Whorf | The relation of habitual thought and behavior to language
Literature Review // Whorf, Benjamin Lee. (1941) “The relation of habitual thought and behavior to language.” Language, culture, and personality: Essays in memory of Edward Sapir. 75-93. Rpt. in Language, Thought and Reality: Selected Writings of Benjamin Lee Whorf (1956). Cambridge: The M.I.T. Press. 134-159.
Read in Language & Culture
While now considered a more dated linguistic theory, it was important to read Whorf as a background since so many following linguists confront his theories. He is most famous for the Sapir-Whorf hypothesis of linguistic determinism (strong) or linguistic relatively (weak).
Linguistic determinism: Language determines our worldview and perception and therefore language limits our thoughts.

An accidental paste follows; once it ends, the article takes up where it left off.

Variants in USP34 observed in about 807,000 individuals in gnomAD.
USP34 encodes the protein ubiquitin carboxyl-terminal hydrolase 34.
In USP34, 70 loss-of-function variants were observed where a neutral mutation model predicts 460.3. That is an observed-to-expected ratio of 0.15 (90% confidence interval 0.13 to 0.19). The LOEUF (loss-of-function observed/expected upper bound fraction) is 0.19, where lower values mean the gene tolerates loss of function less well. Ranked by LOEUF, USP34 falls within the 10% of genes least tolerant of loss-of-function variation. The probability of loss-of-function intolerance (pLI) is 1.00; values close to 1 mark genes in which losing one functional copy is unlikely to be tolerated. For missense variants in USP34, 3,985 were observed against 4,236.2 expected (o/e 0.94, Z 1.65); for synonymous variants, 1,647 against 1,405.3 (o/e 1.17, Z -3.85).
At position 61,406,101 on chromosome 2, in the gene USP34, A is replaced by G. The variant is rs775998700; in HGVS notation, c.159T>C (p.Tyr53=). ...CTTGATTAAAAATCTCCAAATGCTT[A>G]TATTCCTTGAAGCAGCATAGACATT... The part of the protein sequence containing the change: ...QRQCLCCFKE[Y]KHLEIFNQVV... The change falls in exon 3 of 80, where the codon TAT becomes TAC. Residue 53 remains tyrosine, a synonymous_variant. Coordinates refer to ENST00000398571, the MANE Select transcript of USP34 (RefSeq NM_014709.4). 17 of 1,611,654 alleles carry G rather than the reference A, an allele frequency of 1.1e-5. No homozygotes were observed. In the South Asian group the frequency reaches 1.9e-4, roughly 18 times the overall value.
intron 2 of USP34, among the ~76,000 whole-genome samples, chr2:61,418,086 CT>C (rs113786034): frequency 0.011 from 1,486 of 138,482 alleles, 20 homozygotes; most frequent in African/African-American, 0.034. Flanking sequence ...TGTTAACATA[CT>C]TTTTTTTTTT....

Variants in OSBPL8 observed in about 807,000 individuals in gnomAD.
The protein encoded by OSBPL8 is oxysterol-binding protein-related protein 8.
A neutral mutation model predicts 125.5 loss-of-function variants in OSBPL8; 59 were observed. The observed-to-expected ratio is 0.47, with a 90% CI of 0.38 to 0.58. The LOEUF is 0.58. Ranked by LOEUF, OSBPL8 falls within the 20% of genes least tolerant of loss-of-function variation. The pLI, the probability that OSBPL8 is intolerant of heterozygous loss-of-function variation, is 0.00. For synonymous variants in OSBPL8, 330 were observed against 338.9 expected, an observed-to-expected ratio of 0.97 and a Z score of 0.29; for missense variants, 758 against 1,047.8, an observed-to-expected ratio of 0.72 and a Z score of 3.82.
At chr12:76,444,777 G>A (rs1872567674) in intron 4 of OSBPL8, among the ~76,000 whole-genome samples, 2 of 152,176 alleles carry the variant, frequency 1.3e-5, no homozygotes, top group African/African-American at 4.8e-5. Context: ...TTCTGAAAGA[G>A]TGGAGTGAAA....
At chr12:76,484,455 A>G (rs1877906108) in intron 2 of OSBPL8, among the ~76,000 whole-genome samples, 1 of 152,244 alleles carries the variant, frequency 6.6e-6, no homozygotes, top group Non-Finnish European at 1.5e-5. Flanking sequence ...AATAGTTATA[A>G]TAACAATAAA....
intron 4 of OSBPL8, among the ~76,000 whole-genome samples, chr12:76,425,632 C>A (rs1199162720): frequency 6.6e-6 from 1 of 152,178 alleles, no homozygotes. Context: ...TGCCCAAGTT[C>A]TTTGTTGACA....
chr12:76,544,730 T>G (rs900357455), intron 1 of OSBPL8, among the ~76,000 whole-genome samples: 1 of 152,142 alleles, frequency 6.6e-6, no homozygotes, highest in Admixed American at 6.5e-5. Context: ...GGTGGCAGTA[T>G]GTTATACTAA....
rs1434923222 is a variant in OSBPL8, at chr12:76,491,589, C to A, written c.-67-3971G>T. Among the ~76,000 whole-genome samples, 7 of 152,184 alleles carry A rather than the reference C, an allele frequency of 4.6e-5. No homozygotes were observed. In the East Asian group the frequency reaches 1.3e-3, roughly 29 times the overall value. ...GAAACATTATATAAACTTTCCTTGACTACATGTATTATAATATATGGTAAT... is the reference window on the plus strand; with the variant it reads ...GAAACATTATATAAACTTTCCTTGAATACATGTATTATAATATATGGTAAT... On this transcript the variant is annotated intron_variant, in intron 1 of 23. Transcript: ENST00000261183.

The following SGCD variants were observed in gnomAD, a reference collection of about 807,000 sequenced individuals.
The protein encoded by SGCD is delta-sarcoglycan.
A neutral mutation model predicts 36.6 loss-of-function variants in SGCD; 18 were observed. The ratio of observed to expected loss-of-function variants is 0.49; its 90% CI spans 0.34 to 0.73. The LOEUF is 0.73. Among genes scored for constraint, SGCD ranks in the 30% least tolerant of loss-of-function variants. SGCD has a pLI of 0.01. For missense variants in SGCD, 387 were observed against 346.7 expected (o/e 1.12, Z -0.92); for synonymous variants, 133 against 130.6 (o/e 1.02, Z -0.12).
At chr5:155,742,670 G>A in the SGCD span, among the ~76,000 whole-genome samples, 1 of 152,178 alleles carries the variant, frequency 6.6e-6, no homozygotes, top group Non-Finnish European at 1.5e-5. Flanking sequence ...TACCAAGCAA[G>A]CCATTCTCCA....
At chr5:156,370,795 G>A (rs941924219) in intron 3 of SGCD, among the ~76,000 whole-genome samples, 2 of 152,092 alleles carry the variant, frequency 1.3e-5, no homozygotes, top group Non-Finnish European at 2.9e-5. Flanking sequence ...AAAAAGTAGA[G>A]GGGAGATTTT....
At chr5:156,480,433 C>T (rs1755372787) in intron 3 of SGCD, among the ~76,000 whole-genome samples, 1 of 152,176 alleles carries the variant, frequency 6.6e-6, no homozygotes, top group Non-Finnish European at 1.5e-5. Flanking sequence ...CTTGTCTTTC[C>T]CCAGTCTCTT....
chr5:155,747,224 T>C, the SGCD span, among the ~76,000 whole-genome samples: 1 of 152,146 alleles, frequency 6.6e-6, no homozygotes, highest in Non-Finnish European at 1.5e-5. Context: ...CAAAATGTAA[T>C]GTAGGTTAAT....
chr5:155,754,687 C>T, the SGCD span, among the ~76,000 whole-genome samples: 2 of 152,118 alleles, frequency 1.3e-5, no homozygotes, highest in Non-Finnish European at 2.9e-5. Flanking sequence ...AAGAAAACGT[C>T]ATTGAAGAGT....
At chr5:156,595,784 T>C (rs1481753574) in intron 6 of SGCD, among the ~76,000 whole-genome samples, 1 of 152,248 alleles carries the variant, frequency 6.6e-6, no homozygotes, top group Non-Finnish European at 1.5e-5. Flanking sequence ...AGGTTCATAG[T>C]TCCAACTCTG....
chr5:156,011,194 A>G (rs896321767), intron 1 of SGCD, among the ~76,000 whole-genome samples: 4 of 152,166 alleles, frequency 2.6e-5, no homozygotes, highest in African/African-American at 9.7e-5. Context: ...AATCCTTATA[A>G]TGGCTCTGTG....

Linguistic relativity: Language influences our worldview, perceptions, and tendencies.
In this paper, Whorf mainly described the differences in SAE (standard average European) and the Hopi tribe to show how their language influenced the way they thought about the world. Some examples include:
- Hopi tend to see time as a gradient while SAE tends to see time as an object. This allows us to refer to it, count it, and ‘matter’ it.
- SAE was more likely to see objects as containers.
- SAE used metaphors while the Hopi did not.
- Hopi don’t use tense, instead used validity. Something either did or didn’t happen, unlike things in the future and past.
- Hopi had a greater believe in human agency and that thoughts could create (or are) action.